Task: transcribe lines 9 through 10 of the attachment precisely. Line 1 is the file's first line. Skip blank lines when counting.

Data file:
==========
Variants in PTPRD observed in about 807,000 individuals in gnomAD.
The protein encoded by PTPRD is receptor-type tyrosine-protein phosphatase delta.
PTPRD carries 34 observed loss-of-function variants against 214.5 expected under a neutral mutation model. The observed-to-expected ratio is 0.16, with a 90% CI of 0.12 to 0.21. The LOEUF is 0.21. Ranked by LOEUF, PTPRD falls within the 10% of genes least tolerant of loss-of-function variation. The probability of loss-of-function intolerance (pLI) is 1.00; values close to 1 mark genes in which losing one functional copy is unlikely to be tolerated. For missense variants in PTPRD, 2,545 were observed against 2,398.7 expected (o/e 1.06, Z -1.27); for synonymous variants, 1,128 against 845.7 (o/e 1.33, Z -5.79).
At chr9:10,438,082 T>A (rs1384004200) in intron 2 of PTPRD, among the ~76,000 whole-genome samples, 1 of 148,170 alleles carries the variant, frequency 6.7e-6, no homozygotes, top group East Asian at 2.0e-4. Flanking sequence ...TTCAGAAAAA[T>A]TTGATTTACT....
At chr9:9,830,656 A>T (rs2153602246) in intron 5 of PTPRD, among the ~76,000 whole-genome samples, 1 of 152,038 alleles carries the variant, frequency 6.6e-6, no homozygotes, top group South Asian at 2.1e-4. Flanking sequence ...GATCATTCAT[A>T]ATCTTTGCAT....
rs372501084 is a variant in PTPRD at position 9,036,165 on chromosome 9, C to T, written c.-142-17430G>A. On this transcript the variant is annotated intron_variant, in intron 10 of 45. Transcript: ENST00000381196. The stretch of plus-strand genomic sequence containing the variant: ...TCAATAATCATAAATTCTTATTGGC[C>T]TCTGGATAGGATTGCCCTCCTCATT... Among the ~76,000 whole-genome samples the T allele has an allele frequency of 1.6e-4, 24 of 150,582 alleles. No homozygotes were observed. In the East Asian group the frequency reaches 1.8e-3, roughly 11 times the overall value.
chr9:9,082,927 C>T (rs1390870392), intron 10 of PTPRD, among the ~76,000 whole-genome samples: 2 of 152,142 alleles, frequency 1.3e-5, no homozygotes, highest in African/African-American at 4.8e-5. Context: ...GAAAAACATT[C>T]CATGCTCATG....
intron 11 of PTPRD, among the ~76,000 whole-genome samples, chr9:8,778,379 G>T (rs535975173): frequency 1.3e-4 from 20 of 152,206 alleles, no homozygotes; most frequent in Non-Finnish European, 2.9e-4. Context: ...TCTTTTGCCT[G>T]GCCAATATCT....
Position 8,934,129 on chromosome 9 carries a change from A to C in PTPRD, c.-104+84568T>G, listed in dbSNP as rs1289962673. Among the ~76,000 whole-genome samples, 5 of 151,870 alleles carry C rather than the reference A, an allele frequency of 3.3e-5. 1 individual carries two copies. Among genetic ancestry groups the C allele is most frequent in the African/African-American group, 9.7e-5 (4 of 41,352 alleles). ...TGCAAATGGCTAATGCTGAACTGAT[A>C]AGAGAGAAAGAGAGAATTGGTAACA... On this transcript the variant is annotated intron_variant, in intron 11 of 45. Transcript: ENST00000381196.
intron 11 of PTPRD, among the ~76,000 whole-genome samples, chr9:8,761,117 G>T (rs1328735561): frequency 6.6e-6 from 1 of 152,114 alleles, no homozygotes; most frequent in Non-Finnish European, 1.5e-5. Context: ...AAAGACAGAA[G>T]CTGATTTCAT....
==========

Position 8,934,129 on chromosome 9 carries a change from A to C in PTPRD, c.-104+84568T>G, listed in dbSNP as rs1289962673. Among the ~76,000 whole-genome samples, 5 of 151,870 alleles carry C rather than the reference A, an allele frequency of 3.3e-5. 1 individual carries two copies. Among genetic ancestry groups the C allele is most frequent in the African/African-American group, 9.7e-5 (4 of 41,352 alleles). ...TGCAAATGGCTAATGCTGAACTGAT[A>C]AGAGAGAAAGAGAGAATTGGTAACA... On this transcript the variant is annotated intron_variant, in intron 11 of 45. Transcript: ENST00000381196.
intron 11 of PTPRD, among the ~76,000 whole-genome samples, chr9:8,761,117 G>T (rs1328735561): frequency 6.6e-6 from 1 of 152,114 alleles, no homozygotes; most frequent in Non-Finnish European, 1.5e-5. Context: ...AAAGACAGAA[G>T]CTGATTTCAT....